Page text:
I’ve had fun documenting and comparing examples of government stupidity in both the United States and United Kingdom, and today’s story clearly belongs on those lists.
It’s also an example of a perverse anti-gun mentality.
How else can you explain a school in Talbot County, Maryland, suspending a couple of young boys for the supposedly horrible offense of making gun shapes with their fingers while playing cops and robbers?!?
Here are some of the details from a local news report.
There’s controversy at a Talbot County school after two 6-year-old boys were suspended while playing cops and robbers during recess and using their fingers to make an imaginary gun. “It’s ridiculous,” said parent Julia Merchant.
There’s a reason this story may seem familiar.
This is the second time a Maryland child has been suspended for such play. Earlier this month, 6-year-old Rodney Lynch was suspended from his Montgomery County school after pretending to fire an imaginary gun more than once.
He fired his finger more than once? That might mean he has a semi-automatic finger! Oh, the horror.
Amazingly, the school in Montgomery County backed down after parents objected.
The school reversed its decision after Rodney’s parents appealed. “They’re saying he threatened a student, threatened to shoot a student. He was playing,” said Rodney’s father, Rodney Lynch Sr. …A number of parents agree. “Suspending them is a bit harsh and I don’t think that’s gonna do any good for the parent, child or school,” said Janet Geotzky.
It’s unclear what’s going to happen with this new incident (or, more accurately, non-incident) in Talbot County.
But I know what should happen if we want to discourage further episodes of political correctness run amok.
- The person (I assume a teacher) who filed the initial complaint should be suspended.
- The bureaucrat (I assume school principal) who suspended the boys should be fired.
- The children (all of them, not just the two who were suspended) should be given toy guns and encouraged to play like normal kids.
Have I missed something?
P.S. It’s probably no coincidence that these displays of government stupidity took place in Maryland. This is the state, after all, that crashed on the Laffer Curve, imposed regulations making it difficult for summer camps to protect kids from sunburn, and considered a law to give bums panhandling permits.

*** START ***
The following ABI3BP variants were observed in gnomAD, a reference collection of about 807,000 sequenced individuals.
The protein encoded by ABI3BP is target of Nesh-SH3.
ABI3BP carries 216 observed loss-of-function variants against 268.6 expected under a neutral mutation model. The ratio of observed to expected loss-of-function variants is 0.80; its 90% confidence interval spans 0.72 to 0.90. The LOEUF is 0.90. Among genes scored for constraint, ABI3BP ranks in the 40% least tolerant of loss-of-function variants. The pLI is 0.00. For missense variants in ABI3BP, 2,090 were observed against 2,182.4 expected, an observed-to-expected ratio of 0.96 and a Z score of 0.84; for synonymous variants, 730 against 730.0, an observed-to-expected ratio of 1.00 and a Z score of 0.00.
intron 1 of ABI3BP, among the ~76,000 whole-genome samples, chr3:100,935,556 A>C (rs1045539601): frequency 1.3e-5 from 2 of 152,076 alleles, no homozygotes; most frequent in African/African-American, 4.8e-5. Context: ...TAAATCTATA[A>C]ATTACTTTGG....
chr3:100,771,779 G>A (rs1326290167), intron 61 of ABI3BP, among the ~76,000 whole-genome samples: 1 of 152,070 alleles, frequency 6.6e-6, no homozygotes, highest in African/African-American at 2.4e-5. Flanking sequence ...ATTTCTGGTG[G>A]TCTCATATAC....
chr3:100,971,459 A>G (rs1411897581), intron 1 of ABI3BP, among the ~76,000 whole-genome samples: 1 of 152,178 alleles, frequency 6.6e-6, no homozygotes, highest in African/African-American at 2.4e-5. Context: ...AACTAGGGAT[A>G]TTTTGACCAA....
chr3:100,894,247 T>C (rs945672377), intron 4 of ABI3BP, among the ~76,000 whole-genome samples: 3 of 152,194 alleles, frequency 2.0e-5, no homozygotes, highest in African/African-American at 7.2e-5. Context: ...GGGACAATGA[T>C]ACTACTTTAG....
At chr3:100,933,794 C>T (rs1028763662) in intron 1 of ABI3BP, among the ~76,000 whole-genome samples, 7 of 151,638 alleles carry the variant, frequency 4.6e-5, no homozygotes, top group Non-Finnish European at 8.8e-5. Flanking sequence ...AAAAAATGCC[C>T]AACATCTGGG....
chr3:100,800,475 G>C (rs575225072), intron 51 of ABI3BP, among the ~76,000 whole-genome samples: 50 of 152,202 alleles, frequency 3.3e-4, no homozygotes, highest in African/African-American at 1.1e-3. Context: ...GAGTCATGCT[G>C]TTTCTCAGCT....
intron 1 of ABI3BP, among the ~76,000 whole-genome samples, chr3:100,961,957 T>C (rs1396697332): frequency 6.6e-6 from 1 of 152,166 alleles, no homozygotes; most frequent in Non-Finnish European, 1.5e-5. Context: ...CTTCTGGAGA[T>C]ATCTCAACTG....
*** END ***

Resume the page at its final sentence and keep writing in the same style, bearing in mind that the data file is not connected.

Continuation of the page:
Question of the Week: If You Could Reform only One Major Entitlement Program, Which One Would You Pick?
This is a tough question.
I obviously want comprehensive reform of all entitlement programs, so selecting just one is a bit of a challenge. Sort of like being asked to pick your favorite kid.
Would I reform Social Security? That’s a logical choice. It’s the biggest program in the federal budget, so it’s presumably the biggest problem.
But Medicare and Medicaid are growing faster than Social Security and the Congressional Budget Office projects that those two entitlements eventually will become a bigger burden on taxpayers than Social Security.
And since our goal should be to minimize the long-run burden of government spending, that suggests that it’s more important to reform the healthcare entitlements.
But which program should be fixed first?
There’s certainly a strong case to deal with Medicare. The health program for the elderly already is very expensive and it’s going to become even more of a budget buster because of demographic changes.
Moreover, shifting to a “premium support” system would be good for seniors since they would have the ability to pick a plan best suited to their needs. Basically the same type of system now available to members of Congress.
All things considered, though, I would deal first with Medicaid. There are three reasons why I would target the health program designed to supposedly help the poor?
- Medicaid is hugely expensive today and will become even more costly over time.
- The block-grant reform proposal is a good first step for restoring federalism.
- Obamacare can be partly repealed by block-granting the exchange subsidies as part of Medicaid reform.
For more information, here’s my video explaining how to reform the program.
I’m not going to cry – or even complain – if politicians instead decide to fix Medicare or Social Security. Just so long as they’re taking steps in the right direction, I’ll be happy.
What I don’t want to see, however, is a gimmicky plan such as Simpson-Bowles that merely papers over the underlying problems for a couple of years. The wrong type of entitlement reform is probably worse than doing nothing.